Artists working with oral history/Oral historians working with artists panel talk presented by Oral History NSW in partnership with Verge Gallery. The Accessible Conversations project was supported by Create NSW’s Audience Development Fund, a devolved funding program administered by Museums & Galleries of NSW on behalf of the NSW Government.
Videographer: Tim da-Rin
Continuing the compelling series of talks at Verge Gallery, artists, scholars, historians and curators reopen some of our most critical cultural dialogues.
Critical Bodies considers the pervasiveness of the body in art and therefore it’s locus as central to critical discourse. The artists in Critical Bodies demonstrate the extent to which the body in art can continue to pose questions. For this new generation of artists, the body is a critical site for challenging its own representation and for the negotiation of femininity and masculinity, the visibility/invisibility of queer bodies, and bodies as a site of voyeurism and violence. Corporeal connections between bodies is also important. For many of the artists in this exhibition, connections between young and old, between the strong and the weak, between human and animal, are made explicit.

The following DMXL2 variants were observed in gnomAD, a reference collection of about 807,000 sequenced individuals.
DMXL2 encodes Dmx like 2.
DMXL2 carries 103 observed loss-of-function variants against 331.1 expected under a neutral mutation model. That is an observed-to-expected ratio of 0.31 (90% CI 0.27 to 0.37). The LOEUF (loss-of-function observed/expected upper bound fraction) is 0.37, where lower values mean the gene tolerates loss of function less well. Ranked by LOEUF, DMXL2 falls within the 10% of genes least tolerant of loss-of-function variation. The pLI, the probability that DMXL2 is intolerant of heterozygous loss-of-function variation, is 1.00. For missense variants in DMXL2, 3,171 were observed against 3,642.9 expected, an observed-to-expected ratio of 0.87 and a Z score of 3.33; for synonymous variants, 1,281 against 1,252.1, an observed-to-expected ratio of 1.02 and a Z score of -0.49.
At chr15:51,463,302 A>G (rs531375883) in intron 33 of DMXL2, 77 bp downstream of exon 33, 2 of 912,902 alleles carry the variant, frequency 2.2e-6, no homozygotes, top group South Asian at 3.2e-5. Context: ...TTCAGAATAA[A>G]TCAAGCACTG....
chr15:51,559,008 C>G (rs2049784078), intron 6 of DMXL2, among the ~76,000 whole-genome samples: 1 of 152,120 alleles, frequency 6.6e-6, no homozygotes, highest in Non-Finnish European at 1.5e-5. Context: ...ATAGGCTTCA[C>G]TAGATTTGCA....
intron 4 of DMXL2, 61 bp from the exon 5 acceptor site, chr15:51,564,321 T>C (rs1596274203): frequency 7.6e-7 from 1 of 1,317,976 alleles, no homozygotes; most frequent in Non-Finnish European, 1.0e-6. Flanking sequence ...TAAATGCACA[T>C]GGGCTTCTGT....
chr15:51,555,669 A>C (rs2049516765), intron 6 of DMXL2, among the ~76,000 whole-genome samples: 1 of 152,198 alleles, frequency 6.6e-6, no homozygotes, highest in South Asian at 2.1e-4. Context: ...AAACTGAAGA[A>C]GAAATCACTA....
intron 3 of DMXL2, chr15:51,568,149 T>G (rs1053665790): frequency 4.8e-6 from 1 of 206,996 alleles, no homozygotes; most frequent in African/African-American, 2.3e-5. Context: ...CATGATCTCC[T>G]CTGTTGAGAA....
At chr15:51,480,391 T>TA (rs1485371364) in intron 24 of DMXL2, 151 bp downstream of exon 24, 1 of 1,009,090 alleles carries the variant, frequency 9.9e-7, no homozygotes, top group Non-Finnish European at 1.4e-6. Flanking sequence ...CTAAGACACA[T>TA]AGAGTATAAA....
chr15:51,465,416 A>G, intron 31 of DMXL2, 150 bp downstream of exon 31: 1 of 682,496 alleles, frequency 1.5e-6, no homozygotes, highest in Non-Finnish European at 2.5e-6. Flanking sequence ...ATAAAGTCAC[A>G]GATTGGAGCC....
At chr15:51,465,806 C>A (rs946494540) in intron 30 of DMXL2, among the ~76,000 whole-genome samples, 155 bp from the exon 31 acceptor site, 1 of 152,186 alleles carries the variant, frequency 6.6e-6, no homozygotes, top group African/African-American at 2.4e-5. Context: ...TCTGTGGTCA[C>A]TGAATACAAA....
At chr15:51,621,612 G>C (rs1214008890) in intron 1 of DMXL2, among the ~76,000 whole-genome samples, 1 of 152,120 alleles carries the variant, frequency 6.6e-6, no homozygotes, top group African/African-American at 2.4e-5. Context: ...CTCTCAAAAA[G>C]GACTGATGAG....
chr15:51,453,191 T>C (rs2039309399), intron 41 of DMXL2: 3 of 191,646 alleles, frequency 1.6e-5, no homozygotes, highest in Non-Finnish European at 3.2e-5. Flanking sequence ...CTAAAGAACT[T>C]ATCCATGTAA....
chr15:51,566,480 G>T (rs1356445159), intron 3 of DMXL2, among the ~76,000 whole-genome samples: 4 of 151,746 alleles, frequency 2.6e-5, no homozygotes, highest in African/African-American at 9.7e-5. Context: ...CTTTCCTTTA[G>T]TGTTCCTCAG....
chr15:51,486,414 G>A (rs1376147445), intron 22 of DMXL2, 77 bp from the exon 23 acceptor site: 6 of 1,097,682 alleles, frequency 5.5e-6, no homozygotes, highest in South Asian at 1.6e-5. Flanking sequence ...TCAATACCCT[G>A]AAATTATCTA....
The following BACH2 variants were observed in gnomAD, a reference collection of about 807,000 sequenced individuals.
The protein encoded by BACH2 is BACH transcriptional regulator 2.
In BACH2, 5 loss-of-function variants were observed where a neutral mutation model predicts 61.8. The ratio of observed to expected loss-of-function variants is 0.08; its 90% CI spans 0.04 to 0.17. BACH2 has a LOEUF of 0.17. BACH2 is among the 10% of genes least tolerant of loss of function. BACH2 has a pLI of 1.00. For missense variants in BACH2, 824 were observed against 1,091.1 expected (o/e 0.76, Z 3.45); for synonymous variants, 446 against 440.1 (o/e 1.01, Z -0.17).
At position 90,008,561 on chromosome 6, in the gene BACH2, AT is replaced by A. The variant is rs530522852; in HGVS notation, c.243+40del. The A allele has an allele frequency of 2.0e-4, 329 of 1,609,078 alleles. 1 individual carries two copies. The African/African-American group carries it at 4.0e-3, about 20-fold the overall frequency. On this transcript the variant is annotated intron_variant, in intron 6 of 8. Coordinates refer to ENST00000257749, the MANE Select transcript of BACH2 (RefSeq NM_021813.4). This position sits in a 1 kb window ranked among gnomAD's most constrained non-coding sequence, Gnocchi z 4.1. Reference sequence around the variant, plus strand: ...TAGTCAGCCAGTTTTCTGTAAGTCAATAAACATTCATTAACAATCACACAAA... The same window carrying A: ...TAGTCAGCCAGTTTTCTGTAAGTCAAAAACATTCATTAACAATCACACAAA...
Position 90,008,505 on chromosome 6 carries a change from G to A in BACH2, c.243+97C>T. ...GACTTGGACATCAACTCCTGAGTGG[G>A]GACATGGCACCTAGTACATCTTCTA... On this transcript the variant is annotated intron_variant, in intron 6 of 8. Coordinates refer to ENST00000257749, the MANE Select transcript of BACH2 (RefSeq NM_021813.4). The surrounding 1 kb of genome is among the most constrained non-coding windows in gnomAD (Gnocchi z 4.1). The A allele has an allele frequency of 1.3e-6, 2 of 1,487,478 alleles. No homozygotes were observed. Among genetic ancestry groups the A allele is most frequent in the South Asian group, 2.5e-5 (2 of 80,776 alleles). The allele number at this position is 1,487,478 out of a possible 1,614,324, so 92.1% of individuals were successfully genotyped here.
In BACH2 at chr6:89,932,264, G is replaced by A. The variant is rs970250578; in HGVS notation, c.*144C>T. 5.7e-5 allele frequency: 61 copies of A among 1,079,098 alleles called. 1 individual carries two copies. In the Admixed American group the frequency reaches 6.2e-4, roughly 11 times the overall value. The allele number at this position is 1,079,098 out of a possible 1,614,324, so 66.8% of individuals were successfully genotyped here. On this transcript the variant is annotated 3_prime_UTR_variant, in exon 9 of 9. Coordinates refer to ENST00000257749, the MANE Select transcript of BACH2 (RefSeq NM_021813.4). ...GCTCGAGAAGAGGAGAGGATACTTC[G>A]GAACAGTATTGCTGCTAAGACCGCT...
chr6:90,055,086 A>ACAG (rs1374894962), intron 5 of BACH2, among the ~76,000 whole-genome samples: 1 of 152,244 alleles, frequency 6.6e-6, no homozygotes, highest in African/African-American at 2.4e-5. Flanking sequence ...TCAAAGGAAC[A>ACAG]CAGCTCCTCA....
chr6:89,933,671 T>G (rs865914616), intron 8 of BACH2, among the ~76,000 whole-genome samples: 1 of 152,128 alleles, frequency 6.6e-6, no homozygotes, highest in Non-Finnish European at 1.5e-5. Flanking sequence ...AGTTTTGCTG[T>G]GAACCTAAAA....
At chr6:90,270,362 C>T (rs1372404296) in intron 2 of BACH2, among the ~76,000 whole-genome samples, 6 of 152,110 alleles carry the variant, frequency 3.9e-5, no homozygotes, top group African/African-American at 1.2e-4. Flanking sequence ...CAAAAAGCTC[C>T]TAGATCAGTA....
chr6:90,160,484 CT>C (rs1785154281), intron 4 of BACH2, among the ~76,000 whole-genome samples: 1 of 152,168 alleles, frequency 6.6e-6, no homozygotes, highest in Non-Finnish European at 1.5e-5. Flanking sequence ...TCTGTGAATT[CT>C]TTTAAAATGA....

Join Dr. Donna West Brett (USYD academic and art historian), Natalya Hughes (UTS academic and artist), Julie Rrap (co-curator), Cherine Fahd (co-curator), Danica Knezevic (exhibiting artist), & David C. Collins (exhibiting artist). This talk coincided with the exhibition Critical Bodies curated by Cherine Fahd & Julie Rrap shown at Verge Gallery from 5 July to 11 August 2018.
Join speakers Deborah Beck, Fabri Blacklock, Therese Sweeney, and Dr. Paula Hamilton discussing ways in which artists have worked with oral history: the practice of making memories through a planned interview between two people. How are narratives being used as a resource in the production of creative work? If digital technologies mean that oral history is more readily available to be worked with than ever before, what ethical challenges do artists working with oral history have to consider? How is the interpretive capacity of oral history being extended through contemporary artistic practice?
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